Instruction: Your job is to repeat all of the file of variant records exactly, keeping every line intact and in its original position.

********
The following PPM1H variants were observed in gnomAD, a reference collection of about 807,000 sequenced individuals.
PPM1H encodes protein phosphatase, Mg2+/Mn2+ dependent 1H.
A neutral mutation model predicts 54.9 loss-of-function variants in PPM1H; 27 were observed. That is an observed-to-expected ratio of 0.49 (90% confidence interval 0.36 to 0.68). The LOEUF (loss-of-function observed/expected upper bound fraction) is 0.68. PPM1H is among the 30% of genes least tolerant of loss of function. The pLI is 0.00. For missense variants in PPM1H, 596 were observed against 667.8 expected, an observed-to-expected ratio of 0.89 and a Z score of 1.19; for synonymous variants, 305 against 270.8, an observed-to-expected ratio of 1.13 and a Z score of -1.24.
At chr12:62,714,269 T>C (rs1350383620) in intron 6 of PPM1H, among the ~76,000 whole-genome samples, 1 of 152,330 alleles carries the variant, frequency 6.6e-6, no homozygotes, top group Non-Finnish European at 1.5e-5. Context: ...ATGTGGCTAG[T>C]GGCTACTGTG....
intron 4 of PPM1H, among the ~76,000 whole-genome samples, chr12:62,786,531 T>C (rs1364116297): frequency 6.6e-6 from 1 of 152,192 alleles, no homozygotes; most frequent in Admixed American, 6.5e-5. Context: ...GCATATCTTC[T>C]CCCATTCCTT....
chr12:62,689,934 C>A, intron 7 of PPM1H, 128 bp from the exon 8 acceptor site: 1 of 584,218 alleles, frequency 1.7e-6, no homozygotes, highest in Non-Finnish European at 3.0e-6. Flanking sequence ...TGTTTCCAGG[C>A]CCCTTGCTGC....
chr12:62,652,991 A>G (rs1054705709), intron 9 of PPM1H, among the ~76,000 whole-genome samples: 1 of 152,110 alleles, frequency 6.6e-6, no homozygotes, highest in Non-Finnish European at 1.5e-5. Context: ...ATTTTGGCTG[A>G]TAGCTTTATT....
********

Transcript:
The following PPM1H variants were observed in gnomAD, a reference collection of about 807,000 sequenced individuals.
PPM1H encodes protein phosphatase, Mg2+/Mn2+ dependent 1H.
A neutral mutation model predicts 54.9 loss-of-function variants in PPM1H; 27 were observed. That is an observed-to-expected ratio of 0.49 (90% confidence interval 0.36 to 0.68). The LOEUF (loss-of-function observed/expected upper bound fraction) is 0.68. PPM1H is among the 30% of genes least tolerant of loss of function. The pLI is 0.00. For missense variants in PPM1H, 596 were observed against 667.8 expected, an observed-to-expected ratio of 0.89 and a Z score of 1.19; for synonymous variants, 305 against 270.8, an observed-to-expected ratio of 1.13 and a Z score of -1.24.
At chr12:62,714,269 T>C (rs1350383620) in intron 6 of PPM1H, among the ~76,000 whole-genome samples, 1 of 152,330 alleles carries the variant, frequency 6.6e-6, no homozygotes, top group Non-Finnish European at 1.5e-5. Context: ...ATGTGGCTAG[T>C]GGCTACTGTG....
intron 4 of PPM1H, among the ~76,000 whole-genome samples, chr12:62,786,531 T>C (rs1364116297): frequency 6.6e-6 from 1 of 152,192 alleles, no homozygotes; most frequent in Admixed American, 6.5e-5. Context: ...GCATATCTTC[T>C]CCCATTCCTT....
chr12:62,689,934 C>A, intron 7 of PPM1H, 128 bp from the exon 8 acceptor site: 1 of 584,218 alleles, frequency 1.7e-6, no homozygotes, highest in Non-Finnish European at 3.0e-6. Flanking sequence ...TGTTTCCAGG[C>A]CCCTTGCTGC....
chr12:62,652,991 A>G (rs1054705709), intron 9 of PPM1H, among the ~76,000 whole-genome samples: 1 of 152,110 alleles, frequency 6.6e-6, no homozygotes, highest in Non-Finnish European at 1.5e-5. Context: ...ATTTTGGCTG[A>G]TAGCTTTATT....